South Africa’s rand firmed on Friday after US interest rates were left unchanged, but stocks were knocked by fears over weak global economic growth, ending 1% lower.
The rand traded 0.6% stronger to the US dollar to 13.3284 by 04h20 on Saturday, having earlier reached more than a three week high of 13.26.
“Most policymakers threw in a forecast that rates will go up this year, which is basically a postponement of two months or so. I think the market took that in,” said Bart Stemmet an economist at NKC African Economics.
Equities across the world retreated after the US central bank cited weakening global growth as among the reasons for not raising interest rates.
The benchmark JSE Top-40 index dropped 1.1% to 45,616, breaking a four-day winning streak and failing to hold on to earlier gains after rising to as high as 46,140 following the US rate decision.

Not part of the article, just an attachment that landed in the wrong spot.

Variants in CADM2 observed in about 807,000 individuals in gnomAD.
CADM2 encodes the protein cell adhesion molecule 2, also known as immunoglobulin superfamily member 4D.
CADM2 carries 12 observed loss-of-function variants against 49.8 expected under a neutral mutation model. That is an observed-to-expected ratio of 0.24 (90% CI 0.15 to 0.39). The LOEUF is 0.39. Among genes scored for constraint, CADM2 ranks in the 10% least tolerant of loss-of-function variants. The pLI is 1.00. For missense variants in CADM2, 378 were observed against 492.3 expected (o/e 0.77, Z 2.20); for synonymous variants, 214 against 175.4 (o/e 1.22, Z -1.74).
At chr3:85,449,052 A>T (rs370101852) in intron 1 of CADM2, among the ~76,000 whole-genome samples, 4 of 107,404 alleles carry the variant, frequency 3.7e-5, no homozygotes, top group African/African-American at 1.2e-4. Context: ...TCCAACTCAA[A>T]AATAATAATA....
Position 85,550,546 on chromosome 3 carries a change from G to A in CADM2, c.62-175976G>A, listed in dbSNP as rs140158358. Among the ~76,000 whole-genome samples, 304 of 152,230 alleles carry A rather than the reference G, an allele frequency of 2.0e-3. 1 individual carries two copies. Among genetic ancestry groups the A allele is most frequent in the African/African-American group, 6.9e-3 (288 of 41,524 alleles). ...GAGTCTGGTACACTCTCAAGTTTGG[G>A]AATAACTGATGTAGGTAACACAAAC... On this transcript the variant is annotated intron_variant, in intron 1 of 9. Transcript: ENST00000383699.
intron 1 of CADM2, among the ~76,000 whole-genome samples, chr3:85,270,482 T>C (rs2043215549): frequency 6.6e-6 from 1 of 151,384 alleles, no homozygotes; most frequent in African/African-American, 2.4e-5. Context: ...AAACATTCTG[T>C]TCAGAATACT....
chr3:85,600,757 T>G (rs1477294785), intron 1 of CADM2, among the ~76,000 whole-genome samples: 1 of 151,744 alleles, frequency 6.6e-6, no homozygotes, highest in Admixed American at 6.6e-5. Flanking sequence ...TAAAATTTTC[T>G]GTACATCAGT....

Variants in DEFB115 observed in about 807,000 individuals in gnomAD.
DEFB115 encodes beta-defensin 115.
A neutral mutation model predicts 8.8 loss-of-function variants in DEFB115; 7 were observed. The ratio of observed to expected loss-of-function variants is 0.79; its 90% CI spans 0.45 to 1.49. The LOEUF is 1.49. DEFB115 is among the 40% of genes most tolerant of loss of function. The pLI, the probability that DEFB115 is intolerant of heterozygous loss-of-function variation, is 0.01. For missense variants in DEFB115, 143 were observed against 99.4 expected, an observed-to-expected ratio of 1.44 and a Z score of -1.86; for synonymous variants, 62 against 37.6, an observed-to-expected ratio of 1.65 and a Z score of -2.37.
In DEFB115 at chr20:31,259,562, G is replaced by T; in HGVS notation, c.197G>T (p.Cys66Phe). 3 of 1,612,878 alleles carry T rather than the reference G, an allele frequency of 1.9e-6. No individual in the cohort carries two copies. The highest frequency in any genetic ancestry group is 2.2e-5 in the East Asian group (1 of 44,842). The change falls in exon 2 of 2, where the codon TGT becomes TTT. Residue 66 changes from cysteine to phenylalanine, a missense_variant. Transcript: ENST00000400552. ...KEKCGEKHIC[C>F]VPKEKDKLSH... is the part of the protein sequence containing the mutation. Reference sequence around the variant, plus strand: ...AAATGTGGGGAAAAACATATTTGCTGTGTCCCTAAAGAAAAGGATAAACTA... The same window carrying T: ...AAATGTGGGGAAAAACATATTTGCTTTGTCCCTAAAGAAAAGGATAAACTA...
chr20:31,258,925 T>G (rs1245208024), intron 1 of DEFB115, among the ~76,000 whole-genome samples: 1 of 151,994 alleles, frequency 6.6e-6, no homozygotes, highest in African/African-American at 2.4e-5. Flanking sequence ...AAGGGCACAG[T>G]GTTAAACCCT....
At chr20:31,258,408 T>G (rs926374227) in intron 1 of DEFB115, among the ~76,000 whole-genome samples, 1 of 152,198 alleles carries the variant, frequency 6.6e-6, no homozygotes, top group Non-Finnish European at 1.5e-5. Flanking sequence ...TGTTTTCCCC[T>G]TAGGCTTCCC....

The broader All-share index lost 1% to 51,044.
The stock market volatility index, commonly known as the “fear index”, has jumped more than 30% over the past four weeks on concerns of a China-led global economic slowdown and uncertainty over the timing of the US rate decision.
Mining shares weighed on the index as commodity prices such as crude oil and copper declined. Sasol ended down 3.25%.
Anglo American retreated 1.7% and rival BHP Billiton fell 0.65%.
Yields on government bonds weakened, with the benchmark paper due in 2026 shedding 16.5 basis points to 8.335%.